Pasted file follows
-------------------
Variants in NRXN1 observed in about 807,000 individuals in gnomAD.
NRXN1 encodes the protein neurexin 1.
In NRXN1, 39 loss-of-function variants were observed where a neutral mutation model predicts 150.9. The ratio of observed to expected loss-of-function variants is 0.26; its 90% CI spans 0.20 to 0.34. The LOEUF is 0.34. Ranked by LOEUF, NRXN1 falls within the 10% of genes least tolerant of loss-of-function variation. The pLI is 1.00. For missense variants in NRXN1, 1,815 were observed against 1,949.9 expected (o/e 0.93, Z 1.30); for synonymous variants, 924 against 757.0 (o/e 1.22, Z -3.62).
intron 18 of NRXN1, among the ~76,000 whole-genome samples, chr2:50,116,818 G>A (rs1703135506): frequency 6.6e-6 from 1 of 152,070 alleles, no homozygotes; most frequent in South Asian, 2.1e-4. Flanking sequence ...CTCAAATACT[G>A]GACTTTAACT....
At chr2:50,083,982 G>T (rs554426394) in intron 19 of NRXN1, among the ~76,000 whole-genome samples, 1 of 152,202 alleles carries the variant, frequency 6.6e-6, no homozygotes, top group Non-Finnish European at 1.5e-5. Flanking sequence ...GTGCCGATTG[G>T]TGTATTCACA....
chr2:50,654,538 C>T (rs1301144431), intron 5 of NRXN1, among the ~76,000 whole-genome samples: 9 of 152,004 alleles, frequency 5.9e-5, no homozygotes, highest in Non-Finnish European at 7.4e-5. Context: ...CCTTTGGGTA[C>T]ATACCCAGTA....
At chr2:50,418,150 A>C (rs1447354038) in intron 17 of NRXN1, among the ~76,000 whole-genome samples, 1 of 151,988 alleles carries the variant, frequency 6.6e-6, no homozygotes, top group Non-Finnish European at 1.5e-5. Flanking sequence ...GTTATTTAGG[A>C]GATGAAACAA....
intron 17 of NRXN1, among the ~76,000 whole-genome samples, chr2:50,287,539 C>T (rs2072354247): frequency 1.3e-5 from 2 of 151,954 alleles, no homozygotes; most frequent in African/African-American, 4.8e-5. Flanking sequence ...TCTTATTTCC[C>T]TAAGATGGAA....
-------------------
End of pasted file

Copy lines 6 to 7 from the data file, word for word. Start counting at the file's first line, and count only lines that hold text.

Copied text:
chr2:50,654,538 C>T (rs1301144431), intron 5 of NRXN1, among the ~76,000 whole-genome samples: 9 of 152,004 alleles, frequency 5.9e-5, no homozygotes, highest in Non-Finnish European at 7.4e-5. Context: ...CCTTTGGGTA[C>T]ATACCCAGTA....
At chr2:50,418,150 A>C (rs1447354038) in intron 17 of NRXN1, among the ~76,000 whole-genome samples, 1 of 151,988 alleles carries the variant, frequency 6.6e-6, no homozygotes, top group Non-Finnish European at 1.5e-5. Flanking sequence ...GTTATTTAGG[A>C]GATGAAACAA....